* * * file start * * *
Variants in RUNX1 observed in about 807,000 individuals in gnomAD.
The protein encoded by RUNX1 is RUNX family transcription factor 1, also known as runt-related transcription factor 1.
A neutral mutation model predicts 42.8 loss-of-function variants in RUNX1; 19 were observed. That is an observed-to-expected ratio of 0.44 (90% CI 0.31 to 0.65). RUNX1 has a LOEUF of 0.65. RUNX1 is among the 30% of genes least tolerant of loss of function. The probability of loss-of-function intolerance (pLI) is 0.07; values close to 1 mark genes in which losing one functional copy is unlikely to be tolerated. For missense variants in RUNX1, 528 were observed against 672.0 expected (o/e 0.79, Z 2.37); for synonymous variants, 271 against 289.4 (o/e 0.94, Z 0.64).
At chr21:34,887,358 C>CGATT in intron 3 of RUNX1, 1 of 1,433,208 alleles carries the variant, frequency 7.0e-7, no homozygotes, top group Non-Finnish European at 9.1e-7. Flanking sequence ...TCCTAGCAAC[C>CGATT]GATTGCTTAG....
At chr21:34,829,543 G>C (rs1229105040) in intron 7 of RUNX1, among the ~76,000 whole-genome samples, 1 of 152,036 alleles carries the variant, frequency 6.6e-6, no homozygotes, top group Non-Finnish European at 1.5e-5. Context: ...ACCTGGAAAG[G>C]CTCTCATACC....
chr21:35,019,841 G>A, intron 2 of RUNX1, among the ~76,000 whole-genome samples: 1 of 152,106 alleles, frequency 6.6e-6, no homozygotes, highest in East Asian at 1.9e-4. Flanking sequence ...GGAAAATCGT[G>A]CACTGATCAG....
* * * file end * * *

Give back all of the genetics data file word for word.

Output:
Variants in RUNX1 observed in about 807,000 individuals in gnomAD.
The protein encoded by RUNX1 is RUNX family transcription factor 1, also known as runt-related transcription factor 1.
A neutral mutation model predicts 42.8 loss-of-function variants in RUNX1; 19 were observed. That is an observed-to-expected ratio of 0.44 (90% CI 0.31 to 0.65). RUNX1 has a LOEUF of 0.65. RUNX1 is among the 30% of genes least tolerant of loss of function. The probability of loss-of-function intolerance (pLI) is 0.07; values close to 1 mark genes in which losing one functional copy is unlikely to be tolerated. For missense variants in RUNX1, 528 were observed against 672.0 expected (o/e 0.79, Z 2.37); for synonymous variants, 271 against 289.4 (o/e 0.94, Z 0.64).
At chr21:34,887,358 C>CGATT in intron 3 of RUNX1, 1 of 1,433,208 alleles carries the variant, frequency 7.0e-7, no homozygotes, top group Non-Finnish European at 9.1e-7. Flanking sequence ...TCCTAGCAAC[C>CGATT]GATTGCTTAG....
At chr21:34,829,543 G>C (rs1229105040) in intron 7 of RUNX1, among the ~76,000 whole-genome samples, 1 of 152,036 alleles carries the variant, frequency 6.6e-6, no homozygotes, top group Non-Finnish European at 1.5e-5. Context: ...ACCTGGAAAG[G>C]CTCTCATACC....
chr21:35,019,841 G>A, intron 2 of RUNX1, among the ~76,000 whole-genome samples: 1 of 152,106 alleles, frequency 6.6e-6, no homozygotes, highest in East Asian at 1.9e-4. Flanking sequence ...GGAAAATCGT[G>A]CACTGATCAG....